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Senate vote on tax cuts likely to be delayed, Democratic sources say

From Dana Bash and Ted Barrett, CNN
  • Democratic senators plan to discuss Thursday when to vote on Bush tax cuts
  • Division among Democrats is likely to delay a vote, Democratic sources say
  • Having the vote after November "could be the safer political move," one source says

Washington (CNN) -- With Democrats divided on tax cuts, a Senate vote before the election on extending Bush-era tax cuts for the middle class is looking less likely, multiple Senate Democratic sources tell CNN.

These sources all stress that no final decision has been made, and that Senate Democrats could come to a different conclusion after discussing the issue at a meeting Thursday afternoon.

Still, one senior Democratic senator told CNN that a tax cut bill "isn't going anywhere at this point." The senator spoke on condition of anonymity in order to talk about internal deliberations.

Sen. Tom Harkin, D-Iowa, however, did speak freely, telling CNN, "I think it's headed to after the election."

Democratic senators, like their colleagues in the House, have been split about whether it makes sense politically to hold a vote before the election.

Many Democratic sources say they feel that with the help of the president, their message in recent weeks that Democrats want to extend middle class tax cuts, and Republicans want to keep tax cuts for the wealthy, is starting to resonate in key states.

The president and Democratic leaders want to stick their 2008 campaign pledge to extend cuts only for families making $250,000 and less.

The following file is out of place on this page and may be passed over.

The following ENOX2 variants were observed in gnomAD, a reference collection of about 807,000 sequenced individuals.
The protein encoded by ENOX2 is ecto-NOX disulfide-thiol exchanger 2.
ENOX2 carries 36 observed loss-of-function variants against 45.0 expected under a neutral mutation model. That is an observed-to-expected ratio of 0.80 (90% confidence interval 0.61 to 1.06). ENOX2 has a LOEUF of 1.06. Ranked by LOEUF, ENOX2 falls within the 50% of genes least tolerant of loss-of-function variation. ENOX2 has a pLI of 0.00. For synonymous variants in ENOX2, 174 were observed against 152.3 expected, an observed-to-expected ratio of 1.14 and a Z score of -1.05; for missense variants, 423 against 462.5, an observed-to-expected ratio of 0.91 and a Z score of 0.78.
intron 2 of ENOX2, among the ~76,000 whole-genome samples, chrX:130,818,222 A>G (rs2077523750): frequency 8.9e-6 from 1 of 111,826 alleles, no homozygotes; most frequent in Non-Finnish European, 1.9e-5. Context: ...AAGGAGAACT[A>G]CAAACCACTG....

These sources say some Democrats from conservative states in tough re-election battles could get hammered by their GOP opponents for raising taxes if they vote to extend tax cuts only for the middle class and let tax cuts for wealthy Americans expire.

"They could get hit with effectively voting to raise taxes," one senior Democratic source explained, "not having a vote at all right now could be the safer political move."

Another senior Democratic source said, "People feel like the stakes of this debate are already defined and we're winning. A vote may make it murky."

Making things more complicated for Senate Democratic leaders is the fact that several Senate Democrats agree with Republicans that all tax cuts should be extended, including those for wealthy Americans.

Senate Majority Leader Harry Reid, D-Nevada, said last week he did plan to try to bring up a bill extending tax cuts for middle class Americans before leaving for the election. But since then he has been having meetings with Democratic senators, especially those in tough re-election battles, and gotten mixed opinions on whether it is wise to move forward on a vote now.

Democratic leaders are no longer publicly promising to hold a vote.

"We are holding a caucus meeting tomorrow where we plan to continue to discuss a path forward," said Reid spokesman Jim Manley.

Regardless of what is done before the election, Democrats say they do plan to hold votes on extending taxes before they expire at the end of this year.

If Senate Democrats do not hold a vote, it would also make it less likely a vote would take place in the House.

House Democrats are as divided as Senate Democrats on the question of which tax cuts to extend, and therefore have the same concerns about whether it is wise to move before the election.

House Democratic leaders have also said they are waiting to see what the Senate does before deciding how to proceed.